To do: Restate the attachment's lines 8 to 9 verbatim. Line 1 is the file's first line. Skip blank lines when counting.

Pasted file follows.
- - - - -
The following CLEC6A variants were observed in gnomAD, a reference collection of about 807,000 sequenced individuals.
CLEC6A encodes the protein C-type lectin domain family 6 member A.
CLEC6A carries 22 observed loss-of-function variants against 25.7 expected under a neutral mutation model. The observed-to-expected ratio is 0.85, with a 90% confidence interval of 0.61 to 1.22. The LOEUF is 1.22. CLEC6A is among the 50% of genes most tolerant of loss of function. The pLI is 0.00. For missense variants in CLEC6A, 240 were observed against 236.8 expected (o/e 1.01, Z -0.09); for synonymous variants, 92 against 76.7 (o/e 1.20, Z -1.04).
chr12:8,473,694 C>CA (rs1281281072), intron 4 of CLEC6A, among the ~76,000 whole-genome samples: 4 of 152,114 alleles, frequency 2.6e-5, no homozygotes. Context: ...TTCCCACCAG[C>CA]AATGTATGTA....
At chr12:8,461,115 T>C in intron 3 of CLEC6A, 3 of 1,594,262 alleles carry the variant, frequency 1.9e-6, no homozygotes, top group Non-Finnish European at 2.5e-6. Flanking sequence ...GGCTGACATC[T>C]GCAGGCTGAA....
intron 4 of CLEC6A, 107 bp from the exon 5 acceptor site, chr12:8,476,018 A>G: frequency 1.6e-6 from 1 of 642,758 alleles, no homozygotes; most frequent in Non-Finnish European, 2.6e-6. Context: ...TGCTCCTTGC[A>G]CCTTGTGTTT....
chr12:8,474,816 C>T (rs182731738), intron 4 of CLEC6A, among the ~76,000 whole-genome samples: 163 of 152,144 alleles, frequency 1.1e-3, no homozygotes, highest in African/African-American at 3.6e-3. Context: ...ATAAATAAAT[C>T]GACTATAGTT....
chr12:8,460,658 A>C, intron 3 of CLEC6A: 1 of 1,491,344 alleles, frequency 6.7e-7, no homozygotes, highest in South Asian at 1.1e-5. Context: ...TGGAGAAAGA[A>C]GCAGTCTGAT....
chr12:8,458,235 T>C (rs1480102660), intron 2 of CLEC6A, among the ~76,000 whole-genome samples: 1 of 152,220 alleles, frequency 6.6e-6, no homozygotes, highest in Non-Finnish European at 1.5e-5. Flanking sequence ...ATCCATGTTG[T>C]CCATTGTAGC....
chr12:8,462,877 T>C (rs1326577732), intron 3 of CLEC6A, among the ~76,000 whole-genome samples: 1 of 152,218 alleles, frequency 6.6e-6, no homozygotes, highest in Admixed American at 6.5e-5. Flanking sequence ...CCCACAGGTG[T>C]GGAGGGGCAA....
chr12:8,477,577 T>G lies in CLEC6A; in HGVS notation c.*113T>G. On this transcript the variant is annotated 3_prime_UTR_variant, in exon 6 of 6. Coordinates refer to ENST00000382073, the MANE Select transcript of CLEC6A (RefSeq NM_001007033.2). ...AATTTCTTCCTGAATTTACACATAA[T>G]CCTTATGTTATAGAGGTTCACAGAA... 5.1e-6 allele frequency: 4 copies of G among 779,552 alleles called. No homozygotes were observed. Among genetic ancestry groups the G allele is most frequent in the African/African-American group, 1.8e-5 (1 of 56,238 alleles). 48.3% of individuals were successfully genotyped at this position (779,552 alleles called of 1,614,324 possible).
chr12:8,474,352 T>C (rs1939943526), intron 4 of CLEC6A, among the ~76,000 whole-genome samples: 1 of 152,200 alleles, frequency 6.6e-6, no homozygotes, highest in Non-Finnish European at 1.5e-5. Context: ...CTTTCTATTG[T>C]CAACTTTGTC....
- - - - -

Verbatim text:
chr12:8,460,658 A>C, intron 3 of CLEC6A: 1 of 1,491,344 alleles, frequency 6.7e-7, no homozygotes, highest in South Asian at 1.1e-5. Context: ...TGGAGAAAGA[A>C]GCAGTCTGAT....
chr12:8,458,235 T>C (rs1480102660), intron 2 of CLEC6A, among the ~76,000 whole-genome samples: 1 of 152,220 alleles, frequency 6.6e-6, no homozygotes, highest in Non-Finnish European at 1.5e-5. Flanking sequence ...ATCCATGTTG[T>C]CCATTGTAGC....